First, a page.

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Compared to the altruistic bank robbers of the past, Scott Morrison’s recent heist pales in comparison.



The big banks are on the nose with voters and Treasurer Scott Morrison is as mad as hell. He’s just not gonna take it any longer. ScoMo wants to teach those greedy, arrogant, smug bankers a lesson they’ll never forget.

So, like the infamous Darcy Dugan, Brendon Abbott and Ned Kelly… he’s planning a bank robbery. Well, not so much a bank robbery, more a bank levy – a bank massage, if you will. You know, the one where the banks respond to the stick-up by giving their customers a pat down.

The worst robbery attempt of all time.

So, what’s going wrong? ScoMo got the first part of the bank heist right. He physically forced his way into the bank. But after this, the strategy starts to go downhill, fast. He didn’t check to make sure the money he was stealing belonged to the bank – Bank Robbery 101, for politicians. When planning a bank hold-up, check it’s not the voters you’re swindling.

His error is understandable. Morrison is looking to capture our imaginations and there is a certain glamour and entertainment in watching an audacious crook bag a bank’s reserves of cash. But, if the treasurer wants to get into the bank robbing business, maybe he should take a lesson from some real marauders.

Look at Charles “Pretty Boy” Floyd, for example. How did that American gangster of the 1930s manage to rob banks and endear himself to the public at the same time? Well, for Mr Floyd it wasn’t just about the loot. During his plunderings, not only did he steal the “fat cats’” cash, he also freed many home buyers from debt by destroying their mortgage papers. Now, that’s a winning strategy for any political pickpocket.

The negotiation tactics are clear: stalling, pushing back deadlines, trying to avoid Stockholm Syndrome. At this stage, it’s not certain if the treasurer has demanded a getaway vehicle.

Scott Morrison’s own Robin Hood-style bank raid is never likely to work – a great excuse for banks to increase interest rates, fees and charges. The outlaw of Sherwood Forest might enjoy taking money from the rich but that won’t stop the sheriff beating up the peasants when he’s done.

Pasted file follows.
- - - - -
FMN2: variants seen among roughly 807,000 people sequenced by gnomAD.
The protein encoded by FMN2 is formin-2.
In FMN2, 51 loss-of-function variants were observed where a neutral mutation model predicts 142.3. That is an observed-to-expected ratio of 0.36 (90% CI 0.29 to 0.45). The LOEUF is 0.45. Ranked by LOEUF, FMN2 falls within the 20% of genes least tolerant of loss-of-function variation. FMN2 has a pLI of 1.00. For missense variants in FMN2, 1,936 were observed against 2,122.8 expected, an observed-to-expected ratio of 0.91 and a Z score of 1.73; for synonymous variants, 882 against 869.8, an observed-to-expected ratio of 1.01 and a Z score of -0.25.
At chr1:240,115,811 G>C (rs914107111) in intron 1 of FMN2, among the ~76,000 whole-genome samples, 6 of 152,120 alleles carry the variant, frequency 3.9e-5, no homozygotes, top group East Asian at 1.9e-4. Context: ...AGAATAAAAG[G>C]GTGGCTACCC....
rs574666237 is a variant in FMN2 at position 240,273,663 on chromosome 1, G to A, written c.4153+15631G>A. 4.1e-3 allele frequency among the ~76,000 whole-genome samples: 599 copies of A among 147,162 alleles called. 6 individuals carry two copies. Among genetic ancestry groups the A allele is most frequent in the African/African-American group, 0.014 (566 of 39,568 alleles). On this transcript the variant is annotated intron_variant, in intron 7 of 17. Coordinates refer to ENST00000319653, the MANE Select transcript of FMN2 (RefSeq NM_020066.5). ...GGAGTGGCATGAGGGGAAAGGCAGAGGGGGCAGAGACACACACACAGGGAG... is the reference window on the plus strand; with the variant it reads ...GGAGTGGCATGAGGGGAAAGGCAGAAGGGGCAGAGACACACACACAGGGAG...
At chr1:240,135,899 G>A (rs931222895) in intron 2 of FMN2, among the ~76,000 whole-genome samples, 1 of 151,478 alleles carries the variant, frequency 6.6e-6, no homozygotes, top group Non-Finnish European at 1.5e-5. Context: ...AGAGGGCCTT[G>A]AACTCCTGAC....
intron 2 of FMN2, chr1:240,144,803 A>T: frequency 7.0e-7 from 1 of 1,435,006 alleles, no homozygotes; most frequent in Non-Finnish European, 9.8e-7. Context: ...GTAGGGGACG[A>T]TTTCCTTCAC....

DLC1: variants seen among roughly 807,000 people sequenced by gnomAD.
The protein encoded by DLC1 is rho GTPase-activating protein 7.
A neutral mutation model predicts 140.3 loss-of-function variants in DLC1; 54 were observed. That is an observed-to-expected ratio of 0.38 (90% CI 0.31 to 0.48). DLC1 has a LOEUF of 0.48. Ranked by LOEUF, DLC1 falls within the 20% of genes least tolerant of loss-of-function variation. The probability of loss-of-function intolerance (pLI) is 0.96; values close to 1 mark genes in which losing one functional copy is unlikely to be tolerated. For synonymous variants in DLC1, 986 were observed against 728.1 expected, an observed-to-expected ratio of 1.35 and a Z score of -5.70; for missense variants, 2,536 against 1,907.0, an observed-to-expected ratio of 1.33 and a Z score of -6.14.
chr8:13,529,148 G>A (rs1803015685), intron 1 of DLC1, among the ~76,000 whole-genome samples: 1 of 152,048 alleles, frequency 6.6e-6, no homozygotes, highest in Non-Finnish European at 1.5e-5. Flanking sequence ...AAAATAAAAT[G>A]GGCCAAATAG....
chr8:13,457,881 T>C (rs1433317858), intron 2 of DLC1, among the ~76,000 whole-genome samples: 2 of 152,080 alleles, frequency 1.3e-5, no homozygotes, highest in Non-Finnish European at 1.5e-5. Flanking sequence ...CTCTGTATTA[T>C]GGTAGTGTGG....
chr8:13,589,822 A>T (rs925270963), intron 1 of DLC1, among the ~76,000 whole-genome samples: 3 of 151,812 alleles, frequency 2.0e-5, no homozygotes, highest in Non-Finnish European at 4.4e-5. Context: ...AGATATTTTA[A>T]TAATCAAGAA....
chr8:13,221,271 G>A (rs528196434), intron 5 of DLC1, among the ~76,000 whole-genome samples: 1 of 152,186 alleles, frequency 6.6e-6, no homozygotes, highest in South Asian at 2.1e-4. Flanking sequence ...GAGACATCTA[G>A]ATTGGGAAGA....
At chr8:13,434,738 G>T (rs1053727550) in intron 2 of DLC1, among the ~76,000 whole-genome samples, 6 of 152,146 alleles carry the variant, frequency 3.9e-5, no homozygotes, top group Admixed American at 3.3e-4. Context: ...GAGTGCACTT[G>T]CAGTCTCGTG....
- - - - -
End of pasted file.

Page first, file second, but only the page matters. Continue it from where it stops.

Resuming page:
So, Scott Morrison is taxing the banks who will, of course, claw it back from their shareholders or customers. Maybe, the treasurer should have used the more direct approach, favoured by some hard-nosed politicians. For instance, the FBI suspects that the most outrageous bank robbery of the year was carried out by North Korea’s political leader, Kim Jong-un, when he ordered hackers to steal $81 million from the Bangladeshi Central Bank. And the biggest bank robbery in history wasn’t executed by gun-wielding cowboys wearing bandannas. It was accomplished by another political leader. The son of Saddam Hussein walked into the Central Bank of Iraq with a note from his father demanding money. Even with the help of bank employees, it took several hours to load almost $1 billion in cash onto the waiting trucks.

But Saddam’s haul pales in comparison to the $6 billion Scotts is set to walk out with. No wonder he’s staring down the country’s largest banks, like a desperate outlaw trapped in a hostage situation. The negotiation tactics are clear: stalling, pushing back deadlines, trying to avoid Stockholm Syndrome. At this stage, it’s not certain if the treasurer has demanded a getaway vehicle.

Let’s face it. As a bank robber, Morrison is no mastermind. But he can still turn things around for himself. Other politicians have done it. Vladimir Lenin and Joseph Stalin were both involved in bank robberies in their early years but still managed to go on and have very successful political careers.

However, ScoMo has a problem with his bank heist. His heart really isn’t in it. While he’s raiding the banks on the one hand, on the other, he’s offering them $180 billion in cheap debt, guaranteeing deposits and promising a bank bail out, if necessary.

This is like Bonnie and Clyde blowing a hole in the side of the bank, just to put their own life savings into the safe and then gleefully pocket some loose change on the way out.

The sort of robbery where the bank sends a letter to the criminals:

“Thank you very much for the bonus. Feel free to rob us any time.”


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